Today’s blog is about the Democratic candidates for President of The United States. We are in the midst of Primary season to decide which of the two in the race will be the party’s nominee. First, let’s set the stage in a time frame. The 2016 Presidential election may be the most significant election in the country’s history. The Republicans are always looking back to the New Deal, hoping to roll back the Safety Net that has been in place since Franklin Roosevelt was president in the 1930’s. Their aim for decades has been to privatize Social Security and change Medicare/Medicaid into a voucher program. They have stated these goals in many presidential races in their party platforms and speeches. It would be a safe bet to ask if most young people today –eligible to vote at eighteen,- know this history. What’s your guess?

When Barack Obama campaigned for president in 2007, he was a young Black senator from Illinois with an exciting message of “ Hope and Change.” Young and old voters flocked to him. He stressed that “We are not Red States and Blue States. We are the United States of America!” Obama went on to win two terms in office with large electoral margins against a fierce Republican opposition that had vowed to make him a one term president on the very night of his first victory. Barack Obama did bring significant change. He led the country back from the Great Recession with the Stimulus Program, rescue of the auto industry and successive months of job growth from 2008 to 2015. His greatest legislative accomplishment, The Affordable Care Act, brought health care to over seventeen million men, women and children who had no health insurance. However, The Republican controlled House has voted to repeal it sixty times. And one third of Republicans are Birthers, still insisting he was born in Kenya. Most Republican candidates vow to repeal Obamacare their first day in office.

Our next president will encounter the deep partisanship that exists now in Congress and the country. He or she may have the responsibility of nominating two or three justices to the Supreme Court. She or he will also be Commander in Chief, making crucial decisions to keep the United States safe from Isis and other terrorist groups in the Middle East. Which Democratic candidate is better equipped to meet these significant challenges? Bernie Sanders has stated that his aim is “radical, revolutionary change.” Hillary Clinton has stressed that her aim is “to get progressive goals done and to preserve Obama’s legacy.”

Let’s consider their accomplishments and promises in the framework of how change has actually happened in this country. 1776 is the date of the one and only revolution in our history. We fought the Revolutionary War against Britain and formed the United States of America. Since that time, all the major changes that have occurred have been evolutionary, most over decades and some over centuries. If one were to ask Native Americans, African Americans, Hispanics, , Asian Americans…..mature women, gay people or poor people how change happens and how long it takes, what do you think they would answer? If they know their history, they would say a long, long time. White men wrote The Constitution that established our form of federal government during the long hot summer of l787. It has been described as “elastic” since the Courts can interpret the laws passed by Congress. The President as the Executive, is charged with putting the laws into effect. He or she also has the responsibility to set the goals and priorities for the nation in the annual State of The Union message.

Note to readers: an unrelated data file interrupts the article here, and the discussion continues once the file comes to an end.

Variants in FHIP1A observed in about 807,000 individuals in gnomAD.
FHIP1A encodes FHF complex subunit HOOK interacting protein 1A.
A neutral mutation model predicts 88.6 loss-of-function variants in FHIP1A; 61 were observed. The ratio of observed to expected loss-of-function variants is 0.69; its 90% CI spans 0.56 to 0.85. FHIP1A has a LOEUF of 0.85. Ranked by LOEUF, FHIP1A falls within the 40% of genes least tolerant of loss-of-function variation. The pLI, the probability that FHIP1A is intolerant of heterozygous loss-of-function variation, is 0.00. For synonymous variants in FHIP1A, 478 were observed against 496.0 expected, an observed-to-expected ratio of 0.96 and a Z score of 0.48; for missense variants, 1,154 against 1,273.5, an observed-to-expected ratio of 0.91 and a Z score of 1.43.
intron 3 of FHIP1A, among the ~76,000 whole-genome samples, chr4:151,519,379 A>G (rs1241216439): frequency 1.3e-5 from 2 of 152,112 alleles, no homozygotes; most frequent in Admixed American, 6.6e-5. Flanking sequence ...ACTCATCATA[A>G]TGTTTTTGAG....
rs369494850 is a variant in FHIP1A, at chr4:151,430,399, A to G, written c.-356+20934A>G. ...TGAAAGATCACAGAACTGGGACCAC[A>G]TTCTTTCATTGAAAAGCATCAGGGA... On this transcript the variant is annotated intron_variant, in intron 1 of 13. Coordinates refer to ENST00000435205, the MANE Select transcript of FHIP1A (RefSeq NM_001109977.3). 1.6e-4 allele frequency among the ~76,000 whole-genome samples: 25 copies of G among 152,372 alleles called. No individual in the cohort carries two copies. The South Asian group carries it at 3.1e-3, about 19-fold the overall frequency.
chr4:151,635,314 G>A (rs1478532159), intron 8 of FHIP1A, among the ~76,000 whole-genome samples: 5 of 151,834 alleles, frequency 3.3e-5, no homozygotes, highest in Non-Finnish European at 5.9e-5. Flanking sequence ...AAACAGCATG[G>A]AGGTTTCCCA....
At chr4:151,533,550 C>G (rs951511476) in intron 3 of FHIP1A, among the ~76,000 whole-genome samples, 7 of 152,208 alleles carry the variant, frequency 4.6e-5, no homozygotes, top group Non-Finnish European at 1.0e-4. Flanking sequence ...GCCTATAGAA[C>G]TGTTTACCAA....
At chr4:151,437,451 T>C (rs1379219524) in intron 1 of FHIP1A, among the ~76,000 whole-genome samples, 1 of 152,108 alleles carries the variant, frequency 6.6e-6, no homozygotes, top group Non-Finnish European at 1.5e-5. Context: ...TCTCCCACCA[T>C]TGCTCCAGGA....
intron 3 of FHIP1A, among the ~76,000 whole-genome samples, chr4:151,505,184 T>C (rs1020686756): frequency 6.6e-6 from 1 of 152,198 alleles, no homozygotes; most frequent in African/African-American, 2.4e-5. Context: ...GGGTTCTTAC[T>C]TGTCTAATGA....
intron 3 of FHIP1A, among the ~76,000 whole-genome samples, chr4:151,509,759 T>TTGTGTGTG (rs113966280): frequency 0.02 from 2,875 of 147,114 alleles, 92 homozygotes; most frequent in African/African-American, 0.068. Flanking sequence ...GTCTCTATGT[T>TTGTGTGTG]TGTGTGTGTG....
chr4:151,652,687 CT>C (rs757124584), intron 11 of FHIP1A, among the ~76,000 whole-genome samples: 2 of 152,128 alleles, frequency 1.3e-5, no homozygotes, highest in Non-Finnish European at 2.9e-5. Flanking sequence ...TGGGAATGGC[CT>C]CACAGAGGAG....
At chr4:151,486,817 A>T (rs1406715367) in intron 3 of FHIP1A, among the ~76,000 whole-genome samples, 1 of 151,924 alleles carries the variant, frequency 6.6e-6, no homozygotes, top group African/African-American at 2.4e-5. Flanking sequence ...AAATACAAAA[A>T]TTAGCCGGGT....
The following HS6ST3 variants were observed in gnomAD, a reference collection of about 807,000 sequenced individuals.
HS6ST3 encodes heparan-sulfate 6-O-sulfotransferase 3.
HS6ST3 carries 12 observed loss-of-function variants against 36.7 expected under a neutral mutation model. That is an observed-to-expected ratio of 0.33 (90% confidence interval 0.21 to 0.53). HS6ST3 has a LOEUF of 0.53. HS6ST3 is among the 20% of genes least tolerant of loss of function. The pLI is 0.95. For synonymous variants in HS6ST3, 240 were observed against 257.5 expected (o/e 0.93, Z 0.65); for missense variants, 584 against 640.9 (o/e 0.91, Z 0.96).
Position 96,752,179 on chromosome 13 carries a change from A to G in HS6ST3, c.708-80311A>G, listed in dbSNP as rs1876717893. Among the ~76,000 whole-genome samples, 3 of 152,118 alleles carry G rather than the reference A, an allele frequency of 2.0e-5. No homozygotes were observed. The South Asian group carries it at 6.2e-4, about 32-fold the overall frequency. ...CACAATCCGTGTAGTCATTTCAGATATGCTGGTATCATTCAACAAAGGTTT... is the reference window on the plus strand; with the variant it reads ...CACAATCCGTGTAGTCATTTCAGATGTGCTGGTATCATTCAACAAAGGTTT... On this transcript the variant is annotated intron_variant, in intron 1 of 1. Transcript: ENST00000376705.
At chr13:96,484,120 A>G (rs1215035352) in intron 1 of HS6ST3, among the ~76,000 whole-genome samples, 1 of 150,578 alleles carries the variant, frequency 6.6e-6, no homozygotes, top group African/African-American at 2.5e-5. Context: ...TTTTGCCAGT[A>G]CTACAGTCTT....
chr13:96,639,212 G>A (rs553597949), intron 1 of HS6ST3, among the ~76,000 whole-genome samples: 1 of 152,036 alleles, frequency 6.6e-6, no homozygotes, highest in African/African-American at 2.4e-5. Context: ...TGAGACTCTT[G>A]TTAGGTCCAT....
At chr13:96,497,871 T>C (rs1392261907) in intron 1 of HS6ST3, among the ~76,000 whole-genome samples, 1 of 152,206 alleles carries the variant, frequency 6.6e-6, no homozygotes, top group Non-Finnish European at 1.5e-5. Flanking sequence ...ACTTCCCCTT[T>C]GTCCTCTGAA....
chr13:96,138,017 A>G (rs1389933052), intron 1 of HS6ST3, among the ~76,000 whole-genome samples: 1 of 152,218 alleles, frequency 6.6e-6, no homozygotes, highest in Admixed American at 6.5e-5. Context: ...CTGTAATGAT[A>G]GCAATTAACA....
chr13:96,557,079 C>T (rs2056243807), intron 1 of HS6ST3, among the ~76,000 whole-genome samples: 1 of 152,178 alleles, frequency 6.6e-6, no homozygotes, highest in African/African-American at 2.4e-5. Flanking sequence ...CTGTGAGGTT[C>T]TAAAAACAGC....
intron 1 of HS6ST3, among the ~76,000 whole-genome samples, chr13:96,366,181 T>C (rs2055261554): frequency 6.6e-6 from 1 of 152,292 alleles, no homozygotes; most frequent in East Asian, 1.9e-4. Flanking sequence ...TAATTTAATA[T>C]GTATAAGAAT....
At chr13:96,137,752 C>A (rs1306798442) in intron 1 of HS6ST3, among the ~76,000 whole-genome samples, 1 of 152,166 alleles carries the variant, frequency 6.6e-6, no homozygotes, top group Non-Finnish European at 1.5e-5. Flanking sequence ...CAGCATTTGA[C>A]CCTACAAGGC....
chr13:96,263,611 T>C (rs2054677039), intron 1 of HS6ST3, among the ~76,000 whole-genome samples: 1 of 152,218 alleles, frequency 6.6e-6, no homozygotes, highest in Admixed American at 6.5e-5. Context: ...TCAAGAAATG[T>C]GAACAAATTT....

Bernie Sanders, 74, was the Mayor of Burlington and has served in the House and Senate representing Vermont for 35 years.. He describes himself politically as a “Democratic Socialist” and has always supported progressive laws to better the lives of the middle and working classes. He is part of the Democratic Caucus and served as Chair of the Senate Veterans Affairs Committee for two years. After scandals broke in the Veterans Affairs Department, he did not start hearings as the House VA committee did. When he finally introduced comprehensive and costly legislation, it failed to get Republican votes to pass. His emphasis in the current campaign is on “income inequality, breaking up the big banks on Wall Street, taxing the one percent of billionaires at the top, free college tuition for all” and replacing Obama care with “ single payer health care universal system.” His rhetorical style and charged enthusiasm have captured thousands of admirers at rallies throughout the country. Many are young college students who are his most vociferous admirers. They have “the Bern”!

Hillary Clinton, 68, has been an activist in political life since earning her Yale law degree. She served as First Lady of Arkansas when Bill Clinton was Governor, followed by First Lady of the United States when he was President for two terms. She led the health care program during his first term, but it did not succeed in Congress. She made history in China when as First Lady, she said, “Women’s rights are human rights!” Hillary entered politics herself when she ran and served as Senator from New York State for two terms. During that time, she worked closely with Senator Ted Kennedy to create the CHIP health program for nine million children. She ran for president in 2008 but lost to Barack Obama, who then chose her to become Secretary of State. In that crucial position, she traveled to 112 countries across the globe, rebuilding our image that had been damaged by the Bush administration Wars. She held that position through Obama’s first term as a trusted advisor in the decision to hunt and kill Bin Laden. She then led the complex diplomacy that led to sanctions and the final Iran Nuclear Deal Her emphasis in the current campaign is on “getting things done to improve the lives of middle and working class Americans.” Her programs include: “free college tuition, but not for rich families, controlling not only big banks, but shadow banks and pharmaceutical companies, free pre-K education, and gun control measures nation wide. ” Most important, she will “build on the Affordable Care Act to achieve universal coverage for all Americans” She is strongly against starting all over as Sanders proposes with a national debate about health care.
When one reviews the accomplishments and promises of both candidates, what stands out clearly is that Bernie Sanders is an idealist, setting forth dramatic goals that can inspire and draw fierce loyalty. Hillary Clinton is an experienced pragmatist , setting forth achievable goals that will better the lives for all Americans.

One observer described Bernie as the “cheer leader whipping up the enthusiasm” and Hillary as the “quarterback scoring the points and winning the game.”